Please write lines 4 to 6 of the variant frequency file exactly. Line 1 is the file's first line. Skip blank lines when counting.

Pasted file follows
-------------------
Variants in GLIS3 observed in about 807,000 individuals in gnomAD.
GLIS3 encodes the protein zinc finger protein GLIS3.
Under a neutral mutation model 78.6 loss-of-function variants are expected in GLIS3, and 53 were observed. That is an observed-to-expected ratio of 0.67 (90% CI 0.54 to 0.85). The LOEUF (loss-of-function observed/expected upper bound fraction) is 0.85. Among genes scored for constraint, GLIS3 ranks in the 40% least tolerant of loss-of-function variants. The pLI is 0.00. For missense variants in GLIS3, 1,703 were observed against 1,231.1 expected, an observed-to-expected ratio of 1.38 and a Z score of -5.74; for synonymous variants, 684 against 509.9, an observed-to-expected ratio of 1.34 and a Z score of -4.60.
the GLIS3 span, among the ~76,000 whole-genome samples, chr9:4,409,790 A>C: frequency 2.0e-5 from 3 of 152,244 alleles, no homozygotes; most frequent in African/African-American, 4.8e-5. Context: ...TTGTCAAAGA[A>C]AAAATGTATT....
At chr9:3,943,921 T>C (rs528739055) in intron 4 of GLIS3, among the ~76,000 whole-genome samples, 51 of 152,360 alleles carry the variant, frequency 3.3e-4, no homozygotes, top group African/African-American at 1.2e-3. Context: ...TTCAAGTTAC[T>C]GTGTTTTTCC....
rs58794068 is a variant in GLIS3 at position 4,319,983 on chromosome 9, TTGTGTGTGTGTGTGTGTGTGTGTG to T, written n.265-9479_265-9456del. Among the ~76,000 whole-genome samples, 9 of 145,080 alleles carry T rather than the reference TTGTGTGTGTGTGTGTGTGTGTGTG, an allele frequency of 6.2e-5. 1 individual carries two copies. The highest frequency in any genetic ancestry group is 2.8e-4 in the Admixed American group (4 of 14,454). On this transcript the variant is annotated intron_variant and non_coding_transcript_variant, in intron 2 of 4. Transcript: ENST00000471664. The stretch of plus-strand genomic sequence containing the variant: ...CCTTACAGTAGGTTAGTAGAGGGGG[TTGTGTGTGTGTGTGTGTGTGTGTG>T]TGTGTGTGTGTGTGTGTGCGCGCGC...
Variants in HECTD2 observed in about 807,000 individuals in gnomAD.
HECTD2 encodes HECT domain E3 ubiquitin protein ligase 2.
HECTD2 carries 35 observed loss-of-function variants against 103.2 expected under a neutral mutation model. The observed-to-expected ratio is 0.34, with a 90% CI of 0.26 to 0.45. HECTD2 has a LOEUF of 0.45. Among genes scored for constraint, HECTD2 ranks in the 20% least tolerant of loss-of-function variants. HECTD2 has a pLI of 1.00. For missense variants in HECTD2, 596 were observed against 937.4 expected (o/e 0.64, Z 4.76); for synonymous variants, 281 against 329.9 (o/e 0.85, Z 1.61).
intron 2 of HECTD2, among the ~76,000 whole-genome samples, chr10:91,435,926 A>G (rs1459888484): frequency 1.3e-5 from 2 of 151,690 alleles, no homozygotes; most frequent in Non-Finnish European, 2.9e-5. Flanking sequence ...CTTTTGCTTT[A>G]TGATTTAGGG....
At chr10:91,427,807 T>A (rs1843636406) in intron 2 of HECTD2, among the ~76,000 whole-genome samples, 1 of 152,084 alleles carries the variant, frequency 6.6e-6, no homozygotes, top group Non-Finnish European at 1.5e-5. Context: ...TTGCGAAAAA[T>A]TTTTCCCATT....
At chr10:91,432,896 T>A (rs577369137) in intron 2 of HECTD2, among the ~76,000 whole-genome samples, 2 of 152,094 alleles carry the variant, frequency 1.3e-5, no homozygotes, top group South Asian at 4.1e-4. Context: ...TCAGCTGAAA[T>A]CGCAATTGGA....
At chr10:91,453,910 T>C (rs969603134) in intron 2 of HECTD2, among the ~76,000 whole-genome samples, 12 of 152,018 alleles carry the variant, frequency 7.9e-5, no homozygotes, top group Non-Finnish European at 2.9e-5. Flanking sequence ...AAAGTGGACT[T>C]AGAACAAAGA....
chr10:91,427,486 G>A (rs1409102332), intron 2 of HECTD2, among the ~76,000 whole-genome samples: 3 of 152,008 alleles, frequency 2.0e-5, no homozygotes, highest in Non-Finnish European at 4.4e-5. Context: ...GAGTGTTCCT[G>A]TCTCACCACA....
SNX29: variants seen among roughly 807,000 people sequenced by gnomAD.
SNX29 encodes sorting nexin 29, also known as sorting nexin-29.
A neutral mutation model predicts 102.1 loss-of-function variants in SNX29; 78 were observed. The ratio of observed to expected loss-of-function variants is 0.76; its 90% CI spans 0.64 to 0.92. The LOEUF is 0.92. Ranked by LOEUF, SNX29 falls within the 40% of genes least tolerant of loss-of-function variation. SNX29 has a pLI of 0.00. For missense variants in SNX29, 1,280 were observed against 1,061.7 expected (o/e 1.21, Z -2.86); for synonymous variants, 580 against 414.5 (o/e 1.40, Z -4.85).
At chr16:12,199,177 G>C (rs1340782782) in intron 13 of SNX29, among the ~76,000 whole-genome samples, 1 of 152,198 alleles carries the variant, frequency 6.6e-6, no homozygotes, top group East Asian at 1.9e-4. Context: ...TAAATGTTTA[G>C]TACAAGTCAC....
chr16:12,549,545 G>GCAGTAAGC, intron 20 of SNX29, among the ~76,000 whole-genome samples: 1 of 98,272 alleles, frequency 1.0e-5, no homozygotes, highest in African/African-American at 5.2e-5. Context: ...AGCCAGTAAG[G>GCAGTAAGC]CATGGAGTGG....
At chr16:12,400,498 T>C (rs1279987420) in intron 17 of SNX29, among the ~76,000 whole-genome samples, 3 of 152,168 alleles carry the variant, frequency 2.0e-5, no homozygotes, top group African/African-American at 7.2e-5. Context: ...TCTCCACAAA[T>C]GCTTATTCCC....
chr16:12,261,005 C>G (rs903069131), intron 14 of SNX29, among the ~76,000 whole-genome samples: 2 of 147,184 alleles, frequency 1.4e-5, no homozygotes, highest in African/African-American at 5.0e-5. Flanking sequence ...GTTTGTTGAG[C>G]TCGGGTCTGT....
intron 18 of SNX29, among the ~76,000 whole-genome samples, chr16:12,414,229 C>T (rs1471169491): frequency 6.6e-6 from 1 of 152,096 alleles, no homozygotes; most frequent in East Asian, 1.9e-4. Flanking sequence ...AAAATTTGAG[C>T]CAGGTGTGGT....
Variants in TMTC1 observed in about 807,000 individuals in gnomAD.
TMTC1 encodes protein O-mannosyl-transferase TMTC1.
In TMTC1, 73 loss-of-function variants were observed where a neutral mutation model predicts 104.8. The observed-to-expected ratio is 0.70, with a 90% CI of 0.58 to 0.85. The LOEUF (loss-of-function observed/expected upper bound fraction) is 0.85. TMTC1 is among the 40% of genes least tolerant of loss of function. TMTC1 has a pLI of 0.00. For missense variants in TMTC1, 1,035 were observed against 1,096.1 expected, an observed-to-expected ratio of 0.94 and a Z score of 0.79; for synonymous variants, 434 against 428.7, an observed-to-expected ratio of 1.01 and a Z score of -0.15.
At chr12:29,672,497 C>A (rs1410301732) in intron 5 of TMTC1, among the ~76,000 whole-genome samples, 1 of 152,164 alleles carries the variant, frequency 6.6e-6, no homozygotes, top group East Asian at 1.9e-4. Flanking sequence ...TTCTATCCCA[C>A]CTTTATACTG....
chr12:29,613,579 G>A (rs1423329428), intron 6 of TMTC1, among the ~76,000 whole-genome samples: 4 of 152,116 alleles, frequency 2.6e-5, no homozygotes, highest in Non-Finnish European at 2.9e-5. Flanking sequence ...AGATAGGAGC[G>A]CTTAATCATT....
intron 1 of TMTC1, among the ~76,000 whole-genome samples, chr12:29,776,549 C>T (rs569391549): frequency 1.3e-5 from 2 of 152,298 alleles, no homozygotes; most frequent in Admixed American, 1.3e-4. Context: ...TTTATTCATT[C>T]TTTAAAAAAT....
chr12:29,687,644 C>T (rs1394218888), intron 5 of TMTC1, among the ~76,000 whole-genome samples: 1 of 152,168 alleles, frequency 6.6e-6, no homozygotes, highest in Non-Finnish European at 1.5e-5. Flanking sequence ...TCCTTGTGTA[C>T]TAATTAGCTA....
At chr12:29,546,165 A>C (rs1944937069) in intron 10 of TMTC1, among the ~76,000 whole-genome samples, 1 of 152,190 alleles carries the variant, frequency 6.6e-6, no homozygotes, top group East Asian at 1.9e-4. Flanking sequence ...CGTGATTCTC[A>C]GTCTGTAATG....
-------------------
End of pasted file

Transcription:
the GLIS3 span, among the ~76,000 whole-genome samples, chr9:4,409,790 A>C: frequency 2.0e-5 from 3 of 152,244 alleles, no homozygotes; most frequent in African/African-American, 4.8e-5. Context: ...TTGTCAAAGA[A>C]AAAATGTATT....
At chr9:3,943,921 T>C (rs528739055) in intron 4 of GLIS3, among the ~76,000 whole-genome samples, 51 of 152,360 alleles carry the variant, frequency 3.3e-4, no homozygotes, top group African/African-American at 1.2e-3. Context: ...TTCAAGTTAC[T>C]GTGTTTTTCC....
rs58794068 is a variant in GLIS3 at position 4,319,983 on chromosome 9, TTGTGTGTGTGTGTGTGTGTGTGTG to T, written n.265-9479_265-9456del. Among the ~76,000 whole-genome samples, 9 of 145,080 alleles carry T rather than the reference TTGTGTGTGTGTGTGTGTGTGTGTG, an allele frequency of 6.2e-5. 1 individual carries two copies. The highest frequency in any genetic ancestry group is 2.8e-4 in the Admixed American group (4 of 14,454). On this transcript the variant is annotated intron_variant and non_coding_transcript_variant, in intron 2 of 4. Transcript: ENST00000471664. The stretch of plus-strand genomic sequence containing the variant: ...CCTTACAGTAGGTTAGTAGAGGGGG[TTGTGTGTGTGTGTGTGTGTGTGTG>T]TGTGTGTGTGTGTGTGTGCGCGCGC...